Seated Spinal Twist

With your left arm grasp your right arm chair rest (If you do not have an arm rest or if you want to decrease/increase tension you can grasp your right knee, pocket, belt loop or hip). With you right arm, reach around the back of your chair and use it is an anchor to rotate your shoulders (and spine) as far as you can comfortable do so. Make sure and keep your back as straight (up and down) as possible as you rotate.

 

Lower Back and Hamstring Stretches

Floor Reach, Back Stretch

Sit forward on your chair. Spread your legs so your feet are outside of your hips. Lean as far forward as you comfortably can and then reach your hands between your feet and try to touch the floor with your fingertips first, then with your entire palm.

 

Seated Bent Crossover Stretch

Sit on the forward edge of your chair. Lean forward trying to keep your back and neck straight.  When your knees come to your chest, reach down with the right hand and grab the outside of the left foot and hold for about 10 seconds. Then pull a little more firmly, bending your elbow if comfortably possible. You can even push off on the left thigh with the left hand to get some more rotation. Slowly come back to center and repeat on the opposite side.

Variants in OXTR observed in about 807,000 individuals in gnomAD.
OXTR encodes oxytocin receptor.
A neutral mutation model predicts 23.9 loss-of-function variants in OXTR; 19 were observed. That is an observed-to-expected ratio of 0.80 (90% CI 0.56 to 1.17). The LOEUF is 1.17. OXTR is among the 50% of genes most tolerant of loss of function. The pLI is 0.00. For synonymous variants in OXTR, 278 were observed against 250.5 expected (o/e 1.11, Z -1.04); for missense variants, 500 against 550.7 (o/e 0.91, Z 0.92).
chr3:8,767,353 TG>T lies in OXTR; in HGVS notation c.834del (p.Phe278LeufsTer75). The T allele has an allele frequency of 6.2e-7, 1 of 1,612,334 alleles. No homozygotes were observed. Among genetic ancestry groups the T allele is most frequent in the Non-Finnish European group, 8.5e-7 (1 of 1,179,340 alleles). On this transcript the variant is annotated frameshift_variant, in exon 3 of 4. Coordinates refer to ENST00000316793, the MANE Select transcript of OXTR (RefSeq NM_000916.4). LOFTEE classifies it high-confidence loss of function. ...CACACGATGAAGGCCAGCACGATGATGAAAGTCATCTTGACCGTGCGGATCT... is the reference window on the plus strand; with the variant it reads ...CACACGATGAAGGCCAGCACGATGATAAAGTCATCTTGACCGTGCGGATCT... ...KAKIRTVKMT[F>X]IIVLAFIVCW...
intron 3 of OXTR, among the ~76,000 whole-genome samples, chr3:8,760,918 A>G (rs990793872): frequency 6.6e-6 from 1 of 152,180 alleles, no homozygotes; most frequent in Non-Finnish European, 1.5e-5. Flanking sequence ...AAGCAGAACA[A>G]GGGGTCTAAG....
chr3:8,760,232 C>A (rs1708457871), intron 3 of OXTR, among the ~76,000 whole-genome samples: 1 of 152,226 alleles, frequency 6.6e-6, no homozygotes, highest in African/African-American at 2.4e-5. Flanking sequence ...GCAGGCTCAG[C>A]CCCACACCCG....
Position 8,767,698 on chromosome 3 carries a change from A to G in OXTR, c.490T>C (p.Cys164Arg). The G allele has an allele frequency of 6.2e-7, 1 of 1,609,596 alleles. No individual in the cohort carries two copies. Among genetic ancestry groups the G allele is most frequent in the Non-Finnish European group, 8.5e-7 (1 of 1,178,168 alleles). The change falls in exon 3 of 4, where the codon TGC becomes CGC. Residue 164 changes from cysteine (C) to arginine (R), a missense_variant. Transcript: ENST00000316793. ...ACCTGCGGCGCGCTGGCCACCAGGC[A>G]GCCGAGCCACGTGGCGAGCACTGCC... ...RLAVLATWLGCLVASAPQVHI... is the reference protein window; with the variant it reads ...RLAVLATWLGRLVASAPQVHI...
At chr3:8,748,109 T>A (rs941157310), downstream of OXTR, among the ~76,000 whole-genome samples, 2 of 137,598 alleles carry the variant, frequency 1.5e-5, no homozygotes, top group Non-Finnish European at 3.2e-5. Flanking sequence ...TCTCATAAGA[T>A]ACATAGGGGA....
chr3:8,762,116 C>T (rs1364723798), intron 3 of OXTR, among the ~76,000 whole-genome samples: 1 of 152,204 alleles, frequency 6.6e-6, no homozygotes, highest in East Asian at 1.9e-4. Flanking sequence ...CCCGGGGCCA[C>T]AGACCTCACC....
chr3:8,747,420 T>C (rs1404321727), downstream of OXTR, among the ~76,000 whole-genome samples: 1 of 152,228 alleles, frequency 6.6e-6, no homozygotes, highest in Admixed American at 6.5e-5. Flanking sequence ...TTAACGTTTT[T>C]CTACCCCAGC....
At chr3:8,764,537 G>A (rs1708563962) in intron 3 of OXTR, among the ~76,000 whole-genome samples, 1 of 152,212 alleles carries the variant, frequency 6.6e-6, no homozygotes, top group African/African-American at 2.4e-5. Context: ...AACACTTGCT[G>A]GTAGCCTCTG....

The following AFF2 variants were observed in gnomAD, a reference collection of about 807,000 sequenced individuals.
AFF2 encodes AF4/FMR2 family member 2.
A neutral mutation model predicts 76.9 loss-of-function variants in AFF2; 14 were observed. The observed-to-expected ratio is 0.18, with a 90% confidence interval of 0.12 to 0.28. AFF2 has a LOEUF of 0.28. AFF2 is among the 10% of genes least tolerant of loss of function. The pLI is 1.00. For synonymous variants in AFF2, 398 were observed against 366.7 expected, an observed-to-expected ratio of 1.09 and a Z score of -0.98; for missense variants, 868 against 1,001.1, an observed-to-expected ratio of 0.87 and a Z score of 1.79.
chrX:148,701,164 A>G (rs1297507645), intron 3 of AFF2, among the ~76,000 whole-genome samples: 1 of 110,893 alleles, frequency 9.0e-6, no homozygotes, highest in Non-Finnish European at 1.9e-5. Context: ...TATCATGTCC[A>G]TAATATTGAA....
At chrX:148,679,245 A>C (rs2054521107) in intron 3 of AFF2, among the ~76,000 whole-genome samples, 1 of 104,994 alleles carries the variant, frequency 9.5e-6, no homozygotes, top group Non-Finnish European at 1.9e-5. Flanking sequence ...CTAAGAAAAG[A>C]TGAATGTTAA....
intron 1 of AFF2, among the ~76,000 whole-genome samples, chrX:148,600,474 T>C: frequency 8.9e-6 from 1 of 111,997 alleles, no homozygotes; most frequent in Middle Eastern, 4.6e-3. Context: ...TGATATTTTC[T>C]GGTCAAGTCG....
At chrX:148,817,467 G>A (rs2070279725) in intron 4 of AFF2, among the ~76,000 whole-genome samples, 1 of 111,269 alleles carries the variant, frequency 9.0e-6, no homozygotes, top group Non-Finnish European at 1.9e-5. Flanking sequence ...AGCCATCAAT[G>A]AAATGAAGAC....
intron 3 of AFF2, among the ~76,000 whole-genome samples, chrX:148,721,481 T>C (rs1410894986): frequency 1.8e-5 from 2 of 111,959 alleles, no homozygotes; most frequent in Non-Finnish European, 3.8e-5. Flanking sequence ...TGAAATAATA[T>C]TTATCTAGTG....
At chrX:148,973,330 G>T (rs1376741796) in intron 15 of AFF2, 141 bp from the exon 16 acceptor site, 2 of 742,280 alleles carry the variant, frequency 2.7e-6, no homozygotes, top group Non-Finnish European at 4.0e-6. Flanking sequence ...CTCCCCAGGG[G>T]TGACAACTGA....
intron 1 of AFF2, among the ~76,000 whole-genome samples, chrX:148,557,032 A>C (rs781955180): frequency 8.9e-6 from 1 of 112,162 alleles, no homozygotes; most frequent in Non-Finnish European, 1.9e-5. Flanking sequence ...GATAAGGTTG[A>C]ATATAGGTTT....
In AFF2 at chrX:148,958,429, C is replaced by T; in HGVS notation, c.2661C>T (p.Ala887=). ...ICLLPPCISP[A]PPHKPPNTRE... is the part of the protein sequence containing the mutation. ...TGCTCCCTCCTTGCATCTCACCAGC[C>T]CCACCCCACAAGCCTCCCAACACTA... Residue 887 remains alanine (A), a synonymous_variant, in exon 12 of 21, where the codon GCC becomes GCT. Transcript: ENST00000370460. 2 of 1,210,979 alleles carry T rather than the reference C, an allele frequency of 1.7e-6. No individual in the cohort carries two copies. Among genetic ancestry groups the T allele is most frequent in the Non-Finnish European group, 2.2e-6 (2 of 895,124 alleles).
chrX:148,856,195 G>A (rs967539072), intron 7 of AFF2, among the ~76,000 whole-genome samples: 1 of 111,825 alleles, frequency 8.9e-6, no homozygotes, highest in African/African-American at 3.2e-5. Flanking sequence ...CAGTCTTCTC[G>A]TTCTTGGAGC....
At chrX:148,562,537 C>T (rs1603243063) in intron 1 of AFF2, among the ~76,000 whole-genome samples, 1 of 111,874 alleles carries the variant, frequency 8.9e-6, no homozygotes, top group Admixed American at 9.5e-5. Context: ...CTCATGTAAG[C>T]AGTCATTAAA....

Seated Hamstring Stretch (L/R) (difficult)

Sit on your right ankle (cross leg style) and straighten out and lengthen your left leg out as far as comfortably possible, keeping it in contact with the floor.  Now bend forward and pretend to tie your shoe or touch your toes.  Eventually you should get a great hamstring stretch.

 

Joe Lavin LMP, CPT

 

  

Disclaimer
I do not claim to be any kind of expert on stretching, anatomy, physiology, or any other biological science. I am merely attempting to compile information that I have read in books or that has been presented to me by knowledgeable sources and that I have found helpful.

 

The techniques, ideas, and suggestions in this document are not intended as a substitute for proper medical advice! Consult your physician or health care professional before performing any new exercise or exercise technique, particularly if you are pregnant or nursing, or if you are elderly, or if you have any chronic or recurring conditions. Any application of the techniques, ideas, and suggestions in this document is at the reader's sole discretion and risk.

 

In other words: "I'm not a doctor, nor do I play one on TV!" I cannot be held liable for any damages or injuries that you might suffer from somehow relying upon information in this document, no matter how awful. Not even if the information in question is incorrect or inaccurate. If you have any doubt (and even if you don't) you should always check with your doctor before trying any new exercise or exercise technique.